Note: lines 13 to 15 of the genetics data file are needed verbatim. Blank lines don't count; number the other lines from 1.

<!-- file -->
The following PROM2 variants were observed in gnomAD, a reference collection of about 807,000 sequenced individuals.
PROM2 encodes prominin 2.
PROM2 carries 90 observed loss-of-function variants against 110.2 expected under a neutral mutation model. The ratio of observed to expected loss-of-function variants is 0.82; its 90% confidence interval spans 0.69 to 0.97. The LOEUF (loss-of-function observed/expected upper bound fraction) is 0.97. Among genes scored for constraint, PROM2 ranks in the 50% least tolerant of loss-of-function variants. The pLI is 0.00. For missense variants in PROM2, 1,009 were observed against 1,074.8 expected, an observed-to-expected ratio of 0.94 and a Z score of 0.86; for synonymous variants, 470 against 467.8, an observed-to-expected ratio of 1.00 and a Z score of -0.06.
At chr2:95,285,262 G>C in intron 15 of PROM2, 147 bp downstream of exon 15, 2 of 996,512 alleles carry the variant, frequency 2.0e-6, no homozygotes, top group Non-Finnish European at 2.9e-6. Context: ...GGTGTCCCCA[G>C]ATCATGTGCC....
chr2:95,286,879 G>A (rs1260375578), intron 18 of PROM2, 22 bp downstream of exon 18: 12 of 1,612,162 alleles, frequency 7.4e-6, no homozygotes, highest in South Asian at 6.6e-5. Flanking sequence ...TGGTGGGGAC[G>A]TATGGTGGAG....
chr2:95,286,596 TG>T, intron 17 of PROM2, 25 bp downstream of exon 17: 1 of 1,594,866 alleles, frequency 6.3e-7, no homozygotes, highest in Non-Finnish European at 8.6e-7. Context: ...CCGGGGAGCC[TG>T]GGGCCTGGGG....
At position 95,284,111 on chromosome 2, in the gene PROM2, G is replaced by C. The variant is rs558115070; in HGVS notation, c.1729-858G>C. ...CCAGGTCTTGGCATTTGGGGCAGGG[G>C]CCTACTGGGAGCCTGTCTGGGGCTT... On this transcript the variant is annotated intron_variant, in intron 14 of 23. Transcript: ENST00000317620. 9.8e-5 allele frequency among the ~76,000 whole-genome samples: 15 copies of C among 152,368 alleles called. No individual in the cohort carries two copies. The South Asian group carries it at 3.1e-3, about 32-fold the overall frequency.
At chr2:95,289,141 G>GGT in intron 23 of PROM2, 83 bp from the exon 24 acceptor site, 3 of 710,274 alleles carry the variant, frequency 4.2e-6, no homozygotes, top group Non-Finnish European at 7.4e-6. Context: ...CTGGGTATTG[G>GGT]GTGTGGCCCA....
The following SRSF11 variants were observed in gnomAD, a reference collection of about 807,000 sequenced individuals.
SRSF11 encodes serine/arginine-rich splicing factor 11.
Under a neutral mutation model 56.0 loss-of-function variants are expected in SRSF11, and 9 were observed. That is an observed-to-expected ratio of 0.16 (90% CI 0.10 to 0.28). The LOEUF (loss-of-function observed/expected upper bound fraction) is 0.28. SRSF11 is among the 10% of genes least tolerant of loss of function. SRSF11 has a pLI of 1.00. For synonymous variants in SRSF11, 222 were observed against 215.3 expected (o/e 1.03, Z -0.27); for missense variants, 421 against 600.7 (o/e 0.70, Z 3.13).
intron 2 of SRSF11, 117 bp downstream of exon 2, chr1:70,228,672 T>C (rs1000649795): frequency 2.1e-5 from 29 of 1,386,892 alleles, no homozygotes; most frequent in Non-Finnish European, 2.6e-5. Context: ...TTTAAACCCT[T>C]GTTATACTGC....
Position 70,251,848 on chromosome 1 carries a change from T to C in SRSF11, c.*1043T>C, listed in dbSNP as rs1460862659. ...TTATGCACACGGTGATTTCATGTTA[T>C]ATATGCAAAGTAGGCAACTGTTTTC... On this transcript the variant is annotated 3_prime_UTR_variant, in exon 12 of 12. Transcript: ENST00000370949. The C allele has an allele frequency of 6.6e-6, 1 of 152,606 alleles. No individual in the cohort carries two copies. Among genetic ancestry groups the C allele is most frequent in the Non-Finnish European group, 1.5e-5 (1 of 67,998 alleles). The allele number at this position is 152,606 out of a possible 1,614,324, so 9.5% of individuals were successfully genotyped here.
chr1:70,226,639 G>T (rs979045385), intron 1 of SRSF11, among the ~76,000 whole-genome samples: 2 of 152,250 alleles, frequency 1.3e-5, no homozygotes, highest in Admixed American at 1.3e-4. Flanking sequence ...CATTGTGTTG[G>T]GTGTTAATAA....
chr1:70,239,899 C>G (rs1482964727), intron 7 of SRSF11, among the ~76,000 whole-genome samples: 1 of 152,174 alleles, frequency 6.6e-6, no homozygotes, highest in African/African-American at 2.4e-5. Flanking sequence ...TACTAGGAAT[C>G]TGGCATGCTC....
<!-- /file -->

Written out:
Position 70,251,848 on chromosome 1 carries a change from T to C in SRSF11, c.*1043T>C, listed in dbSNP as rs1460862659. ...TTATGCACACGGTGATTTCATGTTA[T>C]ATATGCAAAGTAGGCAACTGTTTTC... On this transcript the variant is annotated 3_prime_UTR_variant, in exon 12 of 12. Transcript: ENST00000370949. The C allele has an allele frequency of 6.6e-6, 1 of 152,606 alleles. No individual in the cohort carries two copies. Among genetic ancestry groups the C allele is most frequent in the Non-Finnish European group, 1.5e-5 (1 of 67,998 alleles). The allele number at this position is 152,606 out of a possible 1,614,324, so 9.5% of individuals were successfully genotyped here.
chr1:70,226,639 G>T (rs979045385), intron 1 of SRSF11, among the ~76,000 whole-genome samples: 2 of 152,250 alleles, frequency 1.3e-5, no homozygotes, highest in Admixed American at 1.3e-4. Flanking sequence ...CATTGTGTTG[G>T]GTGTTAATAA....
chr1:70,239,899 C>G (rs1482964727), intron 7 of SRSF11, among the ~76,000 whole-genome samples: 1 of 152,174 alleles, frequency 6.6e-6, no homozygotes, highest in African/African-American at 2.4e-5. Flanking sequence ...TACTAGGAAT[C>G]TGGCATGCTC....